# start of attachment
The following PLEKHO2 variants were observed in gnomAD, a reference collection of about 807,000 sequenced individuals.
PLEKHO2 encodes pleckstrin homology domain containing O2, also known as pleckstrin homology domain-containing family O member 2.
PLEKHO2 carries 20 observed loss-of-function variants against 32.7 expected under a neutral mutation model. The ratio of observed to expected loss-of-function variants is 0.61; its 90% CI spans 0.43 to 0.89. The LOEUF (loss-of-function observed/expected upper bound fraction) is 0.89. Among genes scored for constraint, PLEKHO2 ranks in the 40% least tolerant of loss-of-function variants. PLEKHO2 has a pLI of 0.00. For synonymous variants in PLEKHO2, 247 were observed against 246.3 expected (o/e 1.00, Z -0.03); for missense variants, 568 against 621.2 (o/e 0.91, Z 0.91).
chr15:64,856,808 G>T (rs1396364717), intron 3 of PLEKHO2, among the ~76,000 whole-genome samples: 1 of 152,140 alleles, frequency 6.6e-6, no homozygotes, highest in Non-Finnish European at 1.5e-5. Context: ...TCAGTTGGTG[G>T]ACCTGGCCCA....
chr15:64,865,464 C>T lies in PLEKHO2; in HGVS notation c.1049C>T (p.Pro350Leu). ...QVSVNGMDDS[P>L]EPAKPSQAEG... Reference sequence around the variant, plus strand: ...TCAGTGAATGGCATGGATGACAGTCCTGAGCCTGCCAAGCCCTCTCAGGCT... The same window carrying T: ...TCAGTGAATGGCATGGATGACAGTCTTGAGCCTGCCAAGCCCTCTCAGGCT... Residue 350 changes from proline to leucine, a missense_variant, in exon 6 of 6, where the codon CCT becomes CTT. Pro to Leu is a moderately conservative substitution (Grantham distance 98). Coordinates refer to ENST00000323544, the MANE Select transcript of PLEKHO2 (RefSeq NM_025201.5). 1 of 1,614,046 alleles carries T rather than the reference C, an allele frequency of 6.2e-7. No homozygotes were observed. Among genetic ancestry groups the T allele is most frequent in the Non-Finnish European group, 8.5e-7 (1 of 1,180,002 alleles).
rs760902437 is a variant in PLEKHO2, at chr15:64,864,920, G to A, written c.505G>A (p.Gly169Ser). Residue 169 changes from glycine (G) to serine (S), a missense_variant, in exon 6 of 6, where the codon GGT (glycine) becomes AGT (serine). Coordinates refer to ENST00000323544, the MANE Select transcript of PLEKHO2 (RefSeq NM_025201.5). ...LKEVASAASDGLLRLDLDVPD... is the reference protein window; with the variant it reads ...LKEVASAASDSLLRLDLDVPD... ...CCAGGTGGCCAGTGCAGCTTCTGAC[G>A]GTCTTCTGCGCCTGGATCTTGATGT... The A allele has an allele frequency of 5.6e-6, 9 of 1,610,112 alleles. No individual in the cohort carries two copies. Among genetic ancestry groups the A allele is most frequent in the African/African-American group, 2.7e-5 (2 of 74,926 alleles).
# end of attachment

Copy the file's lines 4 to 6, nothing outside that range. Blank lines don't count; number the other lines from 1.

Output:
chr15:64,856,808 G>T (rs1396364717), intron 3 of PLEKHO2, among the ~76,000 whole-genome samples: 1 of 152,140 alleles, frequency 6.6e-6, no homozygotes, highest in Non-Finnish European at 1.5e-5. Context: ...TCAGTTGGTG[G>T]ACCTGGCCCA....
chr15:64,865,464 C>T lies in PLEKHO2; in HGVS notation c.1049C>T (p.Pro350Leu). ...QVSVNGMDDS[P>L]EPAKPSQAEG... Reference sequence around the variant, plus strand: ...TCAGTGAATGGCATGGATGACAGTCCTGAGCCTGCCAAGCCCTCTCAGGCT... The same window carrying T: ...TCAGTGAATGGCATGGATGACAGTCTTGAGCCTGCCAAGCCCTCTCAGGCT... Residue 350 changes from proline to leucine, a missense_variant, in exon 6 of 6, where the codon CCT becomes CTT. Pro to Leu is a moderately conservative substitution (Grantham distance 98). Coordinates refer to ENST00000323544, the MANE Select transcript of PLEKHO2 (RefSeq NM_025201.5). 1 of 1,614,046 alleles carries T rather than the reference C, an allele frequency of 6.2e-7. No homozygotes were observed. Among genetic ancestry groups the T allele is most frequent in the Non-Finnish European group, 8.5e-7 (1 of 1,180,002 alleles).
rs760902437 is a variant in PLEKHO2, at chr15:64,864,920, G to A, written c.505G>A (p.Gly169Ser). Residue 169 changes from glycine (G) to serine (S), a missense_variant, in exon 6 of 6, where the codon GGT (glycine) becomes AGT (serine). Coordinates refer to ENST00000323544, the MANE Select transcript of PLEKHO2 (RefSeq NM_025201.5). ...LKEVASAASDGLLRLDLDVPD... is the reference protein window; with the variant it reads ...LKEVASAASDSLLRLDLDVPD... ...CCAGGTGGCCAGTGCAGCTTCTGAC[G>A]GTCTTCTGCGCCTGGATCTTGATGT... The A allele has an allele frequency of 5.6e-6, 9 of 1,610,112 alleles. No individual in the cohort carries two copies. Among genetic ancestry groups the A allele is most frequent in the African/African-American group, 2.7e-5 (2 of 74,926 alleles).